In Charlton v. Troy, a Pennsylvania Superior Court nixed a $40 million verdict, ordering a new trial in a birth injury lawsuit alleging excessive traction caused a severe spinal injury.
Facts of Charlton v. Troy
The case revolves around the events that occurred during the birth of the Charlton twins. Mrs. Charlton underwent routine prenatal testing at the hospital when she was 37 and a half weeks pregnant with twins. The ultrasound revealed that “Twin B” was 25 percent smaller than “Twin A,” indicating discordant growth and some tachycardia in Twin B.
Mrs. Charlton’s primary OB-GYN, decided to induce labor. After the labor progressed throughout the night, Mrs. Charlton was taken to the operating room to deliver the twins, but the doctor sent her back to the labor room as she was not fully dilated. Later that morning, Dr. Troy took over the care, and labor progressed again until Mrs. Charlton was taken to the operating room during the early afternoon. The mother was previously told that the babies would be delivered via a cesarean section. But the new doctor opted for a vaginal delivery, which involved pulling Charlton’s body through her mother’s cervix birth canal.
Dr. Troy delivered Twin A, I.C., without complication. Minutes later, he delivered Twin B, G.C., in a footling breech position. A loud popping sound was heard throughout the delivery room during this process. This was not just the parents’ word for it; a nurse also heard the loud popping. It was immediately noted that she had poor tone in her upper extremities, head, and neck. G.C. was moved to the hospital’s neonatal intensive care unit (NICU) and later transferred to Children’s Hospital of Philadelphia, where an MRI revealed that G.C. had a permanent spinal cord injury.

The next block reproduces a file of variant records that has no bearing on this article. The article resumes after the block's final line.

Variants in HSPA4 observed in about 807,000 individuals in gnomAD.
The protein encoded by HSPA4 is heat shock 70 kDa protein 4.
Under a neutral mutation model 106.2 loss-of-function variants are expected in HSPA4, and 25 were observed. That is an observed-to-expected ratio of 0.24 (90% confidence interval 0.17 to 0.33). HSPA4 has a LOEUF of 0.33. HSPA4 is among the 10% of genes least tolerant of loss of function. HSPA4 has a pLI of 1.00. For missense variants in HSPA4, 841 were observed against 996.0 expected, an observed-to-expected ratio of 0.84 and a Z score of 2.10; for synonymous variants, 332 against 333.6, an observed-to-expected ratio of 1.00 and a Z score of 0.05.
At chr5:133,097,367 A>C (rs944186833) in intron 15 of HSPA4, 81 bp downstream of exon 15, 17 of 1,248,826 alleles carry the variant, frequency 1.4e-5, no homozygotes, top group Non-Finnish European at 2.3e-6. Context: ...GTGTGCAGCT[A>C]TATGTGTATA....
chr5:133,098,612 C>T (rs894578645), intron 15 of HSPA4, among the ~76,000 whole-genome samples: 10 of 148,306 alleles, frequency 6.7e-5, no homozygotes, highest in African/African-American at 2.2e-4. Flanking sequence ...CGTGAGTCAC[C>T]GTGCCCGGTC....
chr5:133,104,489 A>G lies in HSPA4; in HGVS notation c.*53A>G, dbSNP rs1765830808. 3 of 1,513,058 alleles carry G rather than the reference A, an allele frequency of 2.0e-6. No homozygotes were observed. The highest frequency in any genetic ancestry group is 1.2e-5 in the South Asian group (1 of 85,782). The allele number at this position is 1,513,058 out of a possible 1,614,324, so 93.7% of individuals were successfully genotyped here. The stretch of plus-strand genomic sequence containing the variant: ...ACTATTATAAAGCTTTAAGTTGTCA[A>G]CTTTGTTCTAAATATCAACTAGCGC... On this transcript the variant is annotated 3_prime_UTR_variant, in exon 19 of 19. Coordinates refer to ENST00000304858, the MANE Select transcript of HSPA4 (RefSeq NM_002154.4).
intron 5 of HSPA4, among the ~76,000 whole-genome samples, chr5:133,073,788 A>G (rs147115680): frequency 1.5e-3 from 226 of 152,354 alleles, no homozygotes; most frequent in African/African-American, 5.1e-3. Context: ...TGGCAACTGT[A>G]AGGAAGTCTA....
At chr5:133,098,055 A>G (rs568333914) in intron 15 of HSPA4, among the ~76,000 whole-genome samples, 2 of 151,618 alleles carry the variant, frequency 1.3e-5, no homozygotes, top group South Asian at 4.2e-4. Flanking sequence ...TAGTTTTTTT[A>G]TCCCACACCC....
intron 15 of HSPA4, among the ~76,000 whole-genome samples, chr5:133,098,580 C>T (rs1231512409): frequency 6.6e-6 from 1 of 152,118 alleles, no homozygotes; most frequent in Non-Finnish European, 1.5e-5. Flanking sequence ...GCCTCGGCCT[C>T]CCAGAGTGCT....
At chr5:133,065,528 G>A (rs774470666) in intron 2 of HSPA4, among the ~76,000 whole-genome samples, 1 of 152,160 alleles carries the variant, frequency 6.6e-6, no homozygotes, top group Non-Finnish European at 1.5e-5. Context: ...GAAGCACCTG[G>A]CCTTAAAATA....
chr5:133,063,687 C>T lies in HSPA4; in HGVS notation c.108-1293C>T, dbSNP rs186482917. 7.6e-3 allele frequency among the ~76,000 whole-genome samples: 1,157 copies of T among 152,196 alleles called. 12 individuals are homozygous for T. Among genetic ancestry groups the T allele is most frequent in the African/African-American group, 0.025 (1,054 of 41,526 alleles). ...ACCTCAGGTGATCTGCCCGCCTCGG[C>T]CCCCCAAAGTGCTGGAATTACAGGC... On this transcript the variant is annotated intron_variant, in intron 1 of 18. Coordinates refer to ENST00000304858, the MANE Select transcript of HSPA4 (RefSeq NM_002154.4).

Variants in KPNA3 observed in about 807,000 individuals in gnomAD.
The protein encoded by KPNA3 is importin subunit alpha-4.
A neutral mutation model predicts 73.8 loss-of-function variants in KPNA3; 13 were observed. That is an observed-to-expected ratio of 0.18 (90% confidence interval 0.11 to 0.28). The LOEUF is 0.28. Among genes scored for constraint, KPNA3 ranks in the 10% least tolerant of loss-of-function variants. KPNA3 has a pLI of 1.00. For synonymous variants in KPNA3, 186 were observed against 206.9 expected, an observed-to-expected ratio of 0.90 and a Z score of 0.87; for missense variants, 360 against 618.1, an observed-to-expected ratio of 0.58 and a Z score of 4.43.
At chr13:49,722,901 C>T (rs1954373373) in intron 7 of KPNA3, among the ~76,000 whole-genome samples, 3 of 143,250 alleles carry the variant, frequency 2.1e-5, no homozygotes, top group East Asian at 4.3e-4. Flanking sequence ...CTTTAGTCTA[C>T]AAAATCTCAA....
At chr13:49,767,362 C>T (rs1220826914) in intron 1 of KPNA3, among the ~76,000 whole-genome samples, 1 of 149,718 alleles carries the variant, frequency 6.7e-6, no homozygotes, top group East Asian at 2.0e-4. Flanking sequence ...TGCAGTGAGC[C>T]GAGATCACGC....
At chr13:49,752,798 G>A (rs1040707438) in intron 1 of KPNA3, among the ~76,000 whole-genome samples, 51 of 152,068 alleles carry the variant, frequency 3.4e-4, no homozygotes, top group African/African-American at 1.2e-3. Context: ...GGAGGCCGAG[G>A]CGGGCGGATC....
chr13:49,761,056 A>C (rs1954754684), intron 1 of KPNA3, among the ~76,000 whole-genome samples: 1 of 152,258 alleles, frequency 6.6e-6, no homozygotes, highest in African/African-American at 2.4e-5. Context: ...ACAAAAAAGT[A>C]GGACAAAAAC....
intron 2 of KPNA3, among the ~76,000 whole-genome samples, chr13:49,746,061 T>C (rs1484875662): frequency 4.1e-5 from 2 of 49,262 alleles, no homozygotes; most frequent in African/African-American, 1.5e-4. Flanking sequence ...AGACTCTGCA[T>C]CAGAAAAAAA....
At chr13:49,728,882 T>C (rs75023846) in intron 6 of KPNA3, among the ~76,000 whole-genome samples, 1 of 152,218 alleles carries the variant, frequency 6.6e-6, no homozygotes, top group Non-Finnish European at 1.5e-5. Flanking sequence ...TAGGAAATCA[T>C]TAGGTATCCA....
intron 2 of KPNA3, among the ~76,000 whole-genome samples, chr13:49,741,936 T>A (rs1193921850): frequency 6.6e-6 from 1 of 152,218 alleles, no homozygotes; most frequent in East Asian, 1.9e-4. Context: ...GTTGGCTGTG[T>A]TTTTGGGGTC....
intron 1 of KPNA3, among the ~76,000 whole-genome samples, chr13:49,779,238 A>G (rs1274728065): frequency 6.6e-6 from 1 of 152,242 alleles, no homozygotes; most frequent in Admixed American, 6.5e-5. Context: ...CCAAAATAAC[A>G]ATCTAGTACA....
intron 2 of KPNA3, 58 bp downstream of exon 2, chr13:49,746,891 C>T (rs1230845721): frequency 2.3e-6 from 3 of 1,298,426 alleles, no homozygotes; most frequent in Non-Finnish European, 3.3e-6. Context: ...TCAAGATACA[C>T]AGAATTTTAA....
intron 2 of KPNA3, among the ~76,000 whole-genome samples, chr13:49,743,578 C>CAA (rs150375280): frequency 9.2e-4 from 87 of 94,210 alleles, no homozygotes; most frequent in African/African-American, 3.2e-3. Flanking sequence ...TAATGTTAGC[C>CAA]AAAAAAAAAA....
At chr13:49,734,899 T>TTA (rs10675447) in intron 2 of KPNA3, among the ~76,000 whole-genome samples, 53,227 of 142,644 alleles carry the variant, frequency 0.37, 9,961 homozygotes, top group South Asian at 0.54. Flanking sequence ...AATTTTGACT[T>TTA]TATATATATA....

The Charltons filed a birth injury lawsuit alleging that Dr. Troy was negligent and that his negligence caused G.C.’s neurological injuries. As with any significant birth injury lawsuit, numerous medical experts testified for each side, and the liability was hotly contested. The Charltons alleged that Dr. Troy breached the standard of care when he failed to perform the initial ultrasound and proceeded with the vaginal delivery without the benefit of ultrasound surveillance, causing the injury to G.C. in one of two ways: either he delivered the baby in a malpositioned head, or he exerted too much traction on the head.
Defendants disputed this, and their expert witnesses provided alternative explanations for G.C.’s injury. Defendants maintained that G.C.’s injury occurred in utero due to intra-uterine growth restriction (IUGR) caused by placental insufficiency and that the child was born with the spinal injury. That is the classic defense argument you see over and over – it happened before the child was born. It is usually nonsense but, of course, sometimes it happens that way.
The life care planner testified that the child would require continuous physical and occupational therapy, personal assistance, and regular medical check-ups for the rest of her life. She will likely, bar great scientific advancement we all should pray for, be confined to a wheelchair for the rest of her life and will be unable to feed herself. An economist estimated that her future medical expenses would amount to $29 million.